A Wolffe in Sheep’s Clothing: Clone Commander Wolffe
Thanks to Star Wars: The Clone Wars, many of the soldiers who fought bravely in the galactic war that raged between Attack of the Clones and Revenge of the Sith have rich and sympathetic backstories. But one clone who may not deserve the admiration he generally receives is Commander Wolffe.
One of many heroes in Star Wars: The Clone Wars
There’s no doubt that Commander Wolffe, clone designation CC 3636, served with distinction, fighting bravely in the clone wars. His 104th Battalion, a tight-knit unit known as the Wolfpack, served with honor in many battles. As a captain, Wolffe served originally on Kamino but when promoted to commander he took over the 104th and made it his own.
A rough start to his command
Disaster strikes his unit early in the war, when the ship transporting the 104th is destroyed by General Grievous and his new warship Malevolence. The only survivors are Commander Wolffe, two of his clone troopers and Jedi General Plo Koon. Wolffe rises to the occasion and despite the tragedy he fights the battle droids who are hunting down survivors in escape pods. Wolffe, Plo Koon and the two troopers are rescued by Anakin Skywalker and Ahsoka Tano.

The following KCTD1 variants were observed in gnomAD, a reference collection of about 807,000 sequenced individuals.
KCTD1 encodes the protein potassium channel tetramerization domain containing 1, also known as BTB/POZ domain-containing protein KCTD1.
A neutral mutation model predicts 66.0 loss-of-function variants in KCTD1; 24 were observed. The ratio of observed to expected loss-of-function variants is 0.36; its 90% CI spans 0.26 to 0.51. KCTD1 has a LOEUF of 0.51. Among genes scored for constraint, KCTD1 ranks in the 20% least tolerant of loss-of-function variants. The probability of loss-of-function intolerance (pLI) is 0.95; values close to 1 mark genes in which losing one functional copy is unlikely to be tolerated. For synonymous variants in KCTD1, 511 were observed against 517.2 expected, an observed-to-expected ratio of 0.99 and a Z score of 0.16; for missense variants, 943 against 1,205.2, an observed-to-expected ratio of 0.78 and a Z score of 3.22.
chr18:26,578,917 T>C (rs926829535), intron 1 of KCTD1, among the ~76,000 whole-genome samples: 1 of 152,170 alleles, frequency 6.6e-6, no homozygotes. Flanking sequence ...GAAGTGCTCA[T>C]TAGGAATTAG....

Having lost his entire unit, Commander Wolffe sees early the worst the war has to offer. To his credit, though, he fights on bravely, proudly rebuilding the 104th and instilling loyalty among his men so much that their unit becomes synonymous with its commander.
How did Wolffe lose his eye?
During the clone wars Commander Wolffe fights in many battles, far too many for them all to have been displayed on screen. Star Wars lore tells us that Wolffe loses his eye at the Battle of Khorm while fighting directly against Asajj Ventress. Although this battle isn’t technically canon, we often see the seasoned and battered combatant Wolffe fighting bravely, proudly brandishing his battle scars later in the series, and it’s cool to think that at least one mission saw him in action against Asajj Ventress.